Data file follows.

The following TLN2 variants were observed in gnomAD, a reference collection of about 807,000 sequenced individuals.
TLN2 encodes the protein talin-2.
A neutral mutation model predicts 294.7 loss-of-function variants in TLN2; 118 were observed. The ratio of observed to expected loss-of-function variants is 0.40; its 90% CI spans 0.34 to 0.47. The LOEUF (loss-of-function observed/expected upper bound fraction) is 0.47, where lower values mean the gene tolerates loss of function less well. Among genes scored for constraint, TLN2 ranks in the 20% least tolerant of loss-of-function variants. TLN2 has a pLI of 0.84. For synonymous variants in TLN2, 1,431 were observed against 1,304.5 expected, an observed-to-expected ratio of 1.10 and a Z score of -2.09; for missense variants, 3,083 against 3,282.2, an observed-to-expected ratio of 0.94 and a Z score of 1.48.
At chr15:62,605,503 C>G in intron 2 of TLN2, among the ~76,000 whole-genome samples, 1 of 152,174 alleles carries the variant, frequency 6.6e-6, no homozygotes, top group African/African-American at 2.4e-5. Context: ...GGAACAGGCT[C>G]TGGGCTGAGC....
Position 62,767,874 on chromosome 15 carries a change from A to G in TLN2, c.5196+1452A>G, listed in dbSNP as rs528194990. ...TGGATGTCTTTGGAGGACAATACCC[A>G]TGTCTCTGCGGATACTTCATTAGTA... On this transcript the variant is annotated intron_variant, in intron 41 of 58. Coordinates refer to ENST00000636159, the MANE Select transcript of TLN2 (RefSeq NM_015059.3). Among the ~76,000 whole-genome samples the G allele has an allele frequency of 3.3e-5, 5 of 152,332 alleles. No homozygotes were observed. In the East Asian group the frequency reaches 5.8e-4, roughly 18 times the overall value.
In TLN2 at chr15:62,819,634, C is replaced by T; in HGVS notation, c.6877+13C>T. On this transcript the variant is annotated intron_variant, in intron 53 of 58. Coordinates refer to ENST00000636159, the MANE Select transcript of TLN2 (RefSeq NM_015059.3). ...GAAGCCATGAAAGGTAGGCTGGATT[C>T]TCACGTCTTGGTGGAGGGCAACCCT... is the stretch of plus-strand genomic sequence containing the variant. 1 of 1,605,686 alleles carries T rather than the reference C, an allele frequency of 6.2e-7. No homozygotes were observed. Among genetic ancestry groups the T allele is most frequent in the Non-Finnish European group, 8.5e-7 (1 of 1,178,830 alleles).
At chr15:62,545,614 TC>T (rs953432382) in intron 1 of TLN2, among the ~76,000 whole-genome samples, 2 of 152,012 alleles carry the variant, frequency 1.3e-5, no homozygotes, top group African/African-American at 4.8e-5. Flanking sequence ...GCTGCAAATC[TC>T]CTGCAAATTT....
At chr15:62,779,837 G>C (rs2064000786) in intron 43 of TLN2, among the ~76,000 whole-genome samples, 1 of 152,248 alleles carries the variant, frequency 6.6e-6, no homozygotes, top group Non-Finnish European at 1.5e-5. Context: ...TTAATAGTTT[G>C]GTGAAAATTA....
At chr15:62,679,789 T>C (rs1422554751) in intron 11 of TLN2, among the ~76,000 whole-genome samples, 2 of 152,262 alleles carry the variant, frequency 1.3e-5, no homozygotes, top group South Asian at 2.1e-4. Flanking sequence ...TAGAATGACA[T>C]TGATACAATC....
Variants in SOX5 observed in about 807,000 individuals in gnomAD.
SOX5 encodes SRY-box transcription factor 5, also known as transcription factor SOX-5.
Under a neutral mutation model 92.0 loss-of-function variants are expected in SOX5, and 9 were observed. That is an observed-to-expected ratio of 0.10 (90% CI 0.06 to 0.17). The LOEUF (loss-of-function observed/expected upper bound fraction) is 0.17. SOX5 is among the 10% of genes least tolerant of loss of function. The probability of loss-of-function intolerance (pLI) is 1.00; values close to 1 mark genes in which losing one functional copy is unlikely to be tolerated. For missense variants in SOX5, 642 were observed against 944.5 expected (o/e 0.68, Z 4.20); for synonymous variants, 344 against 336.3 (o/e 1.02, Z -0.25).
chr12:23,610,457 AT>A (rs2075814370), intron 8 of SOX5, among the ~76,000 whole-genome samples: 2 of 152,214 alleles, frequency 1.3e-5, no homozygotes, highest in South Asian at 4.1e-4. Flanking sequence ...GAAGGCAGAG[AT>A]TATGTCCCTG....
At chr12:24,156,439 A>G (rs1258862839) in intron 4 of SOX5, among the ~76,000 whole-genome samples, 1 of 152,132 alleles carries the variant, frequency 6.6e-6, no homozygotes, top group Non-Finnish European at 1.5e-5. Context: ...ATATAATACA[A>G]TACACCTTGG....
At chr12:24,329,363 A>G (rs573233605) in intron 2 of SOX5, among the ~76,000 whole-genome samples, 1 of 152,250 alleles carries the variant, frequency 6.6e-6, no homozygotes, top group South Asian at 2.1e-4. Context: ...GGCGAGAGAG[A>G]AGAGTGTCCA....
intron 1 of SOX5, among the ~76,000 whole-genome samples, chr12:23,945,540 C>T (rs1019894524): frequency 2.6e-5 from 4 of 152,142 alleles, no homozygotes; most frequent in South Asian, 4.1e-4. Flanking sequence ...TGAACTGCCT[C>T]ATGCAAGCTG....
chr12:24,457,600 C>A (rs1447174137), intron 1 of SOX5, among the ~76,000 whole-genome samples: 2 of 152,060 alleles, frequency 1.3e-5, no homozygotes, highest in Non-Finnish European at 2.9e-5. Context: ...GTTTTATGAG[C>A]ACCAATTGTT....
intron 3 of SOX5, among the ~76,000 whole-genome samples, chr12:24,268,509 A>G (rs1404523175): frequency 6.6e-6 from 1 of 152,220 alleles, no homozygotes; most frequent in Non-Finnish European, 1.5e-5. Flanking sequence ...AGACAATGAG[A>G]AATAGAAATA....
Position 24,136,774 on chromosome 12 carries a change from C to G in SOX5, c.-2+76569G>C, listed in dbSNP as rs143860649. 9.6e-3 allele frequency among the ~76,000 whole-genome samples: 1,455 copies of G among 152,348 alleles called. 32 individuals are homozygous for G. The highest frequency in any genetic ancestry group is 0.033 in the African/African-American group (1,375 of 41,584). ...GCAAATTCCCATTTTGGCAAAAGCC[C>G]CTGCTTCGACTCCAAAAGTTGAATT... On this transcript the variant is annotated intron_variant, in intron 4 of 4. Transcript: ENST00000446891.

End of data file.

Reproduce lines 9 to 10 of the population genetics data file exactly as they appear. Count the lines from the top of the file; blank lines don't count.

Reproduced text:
At chr15:62,679,789 T>C (rs1422554751) in intron 11 of TLN2, among the ~76,000 whole-genome samples, 2 of 152,262 alleles carry the variant, frequency 1.3e-5, no homozygotes, top group South Asian at 2.1e-4. Flanking sequence ...TAGAATGACA[T>C]TGATACAATC....
Variants in SOX5 observed in about 807,000 individuals in gnomAD.